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Who’s your imaginary friend?

When I was (a lot) younger, I used to do music radio shows. The tapes are now safely locked away. If you’ve never done it, I can assure you that chatting away to a foam-covered microphone can be every bit as awkward as you might imagine. Some people never work out how to make it sound natural.

Of those who do get over the hurdle, many (including those with unnaturally big egos) do it by imagining all their audience in front of them. Those like me, who would find that rather too daunting, picture just one person there, and talk to that person. (I suspect that this, by the way, is why radio shows with two presenters often sound so much more natural).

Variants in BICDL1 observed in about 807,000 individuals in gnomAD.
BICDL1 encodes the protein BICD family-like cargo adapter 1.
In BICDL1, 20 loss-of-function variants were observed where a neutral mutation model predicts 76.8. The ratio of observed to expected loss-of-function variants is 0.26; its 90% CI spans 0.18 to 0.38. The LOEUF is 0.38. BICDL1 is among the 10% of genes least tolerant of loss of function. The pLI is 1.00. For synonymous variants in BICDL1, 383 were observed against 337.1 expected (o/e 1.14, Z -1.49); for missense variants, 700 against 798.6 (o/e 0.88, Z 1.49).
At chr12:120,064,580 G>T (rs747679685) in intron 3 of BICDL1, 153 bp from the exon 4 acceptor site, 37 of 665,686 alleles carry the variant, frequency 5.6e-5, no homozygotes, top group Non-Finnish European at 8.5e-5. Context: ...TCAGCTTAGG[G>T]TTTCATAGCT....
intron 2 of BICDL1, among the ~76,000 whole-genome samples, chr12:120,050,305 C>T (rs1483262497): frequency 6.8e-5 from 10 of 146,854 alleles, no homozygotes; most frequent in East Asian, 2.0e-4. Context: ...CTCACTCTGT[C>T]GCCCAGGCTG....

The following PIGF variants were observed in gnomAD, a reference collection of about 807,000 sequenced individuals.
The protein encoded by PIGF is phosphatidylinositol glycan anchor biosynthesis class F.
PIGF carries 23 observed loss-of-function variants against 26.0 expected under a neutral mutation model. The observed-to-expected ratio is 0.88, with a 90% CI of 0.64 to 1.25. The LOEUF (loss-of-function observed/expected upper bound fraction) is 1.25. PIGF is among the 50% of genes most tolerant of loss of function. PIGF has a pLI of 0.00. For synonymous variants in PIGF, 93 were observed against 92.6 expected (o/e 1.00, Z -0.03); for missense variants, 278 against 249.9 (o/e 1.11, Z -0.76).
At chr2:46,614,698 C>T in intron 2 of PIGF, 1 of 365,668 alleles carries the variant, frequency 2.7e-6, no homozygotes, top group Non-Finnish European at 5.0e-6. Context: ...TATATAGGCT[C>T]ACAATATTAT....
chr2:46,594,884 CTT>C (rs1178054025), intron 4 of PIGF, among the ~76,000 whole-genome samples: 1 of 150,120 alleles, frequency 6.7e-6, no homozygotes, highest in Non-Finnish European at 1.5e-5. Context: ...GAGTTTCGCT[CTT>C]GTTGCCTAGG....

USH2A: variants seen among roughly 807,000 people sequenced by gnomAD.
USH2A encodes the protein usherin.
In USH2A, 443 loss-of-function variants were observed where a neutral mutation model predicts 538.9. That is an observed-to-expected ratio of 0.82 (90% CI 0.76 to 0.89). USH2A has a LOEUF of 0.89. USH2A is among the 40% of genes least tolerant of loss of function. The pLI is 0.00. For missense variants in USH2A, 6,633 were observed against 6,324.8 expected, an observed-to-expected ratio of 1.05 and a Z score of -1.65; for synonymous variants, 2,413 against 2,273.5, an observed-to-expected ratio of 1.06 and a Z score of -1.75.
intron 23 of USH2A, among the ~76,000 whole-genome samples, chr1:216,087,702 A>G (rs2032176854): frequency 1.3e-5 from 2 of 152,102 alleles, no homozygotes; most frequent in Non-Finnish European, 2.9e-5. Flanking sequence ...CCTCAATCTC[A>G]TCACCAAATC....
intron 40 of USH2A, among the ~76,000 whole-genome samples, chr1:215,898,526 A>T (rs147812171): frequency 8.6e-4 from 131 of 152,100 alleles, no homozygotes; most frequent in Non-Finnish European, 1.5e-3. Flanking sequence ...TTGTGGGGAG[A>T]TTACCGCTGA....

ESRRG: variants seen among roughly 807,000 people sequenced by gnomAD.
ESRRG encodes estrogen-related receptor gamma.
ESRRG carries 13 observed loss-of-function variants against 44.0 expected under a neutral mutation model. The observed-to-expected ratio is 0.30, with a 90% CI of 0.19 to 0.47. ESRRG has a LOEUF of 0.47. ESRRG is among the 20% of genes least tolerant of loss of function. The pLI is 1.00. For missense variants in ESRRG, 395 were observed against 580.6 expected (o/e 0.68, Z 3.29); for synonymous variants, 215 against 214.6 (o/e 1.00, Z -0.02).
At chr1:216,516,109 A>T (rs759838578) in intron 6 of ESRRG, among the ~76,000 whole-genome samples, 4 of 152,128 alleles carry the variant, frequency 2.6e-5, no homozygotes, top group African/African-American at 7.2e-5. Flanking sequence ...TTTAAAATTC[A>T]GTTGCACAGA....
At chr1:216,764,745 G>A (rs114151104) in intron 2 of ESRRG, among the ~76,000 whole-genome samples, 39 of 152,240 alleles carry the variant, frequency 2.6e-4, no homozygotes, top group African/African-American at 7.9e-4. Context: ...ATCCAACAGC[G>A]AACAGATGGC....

I point this out because it’s the same with writing marketing material (and lots more writing besides). If you just write without thinking, it can be a bit stilted. It’s how we get so much marketing copy which appears to have been written by robots, with words like “solutions” which nobody would use in normal conversation.

However, if you write with all of your customers in mind simultaneously, you can produce copy which sounds a bit messianic. Seriously, it’s only a blue widget. The best approach is to imagine a single customer in front of you and write for them. Indeed, why not write this imaginary customer a sales letter and see what comes out of it?

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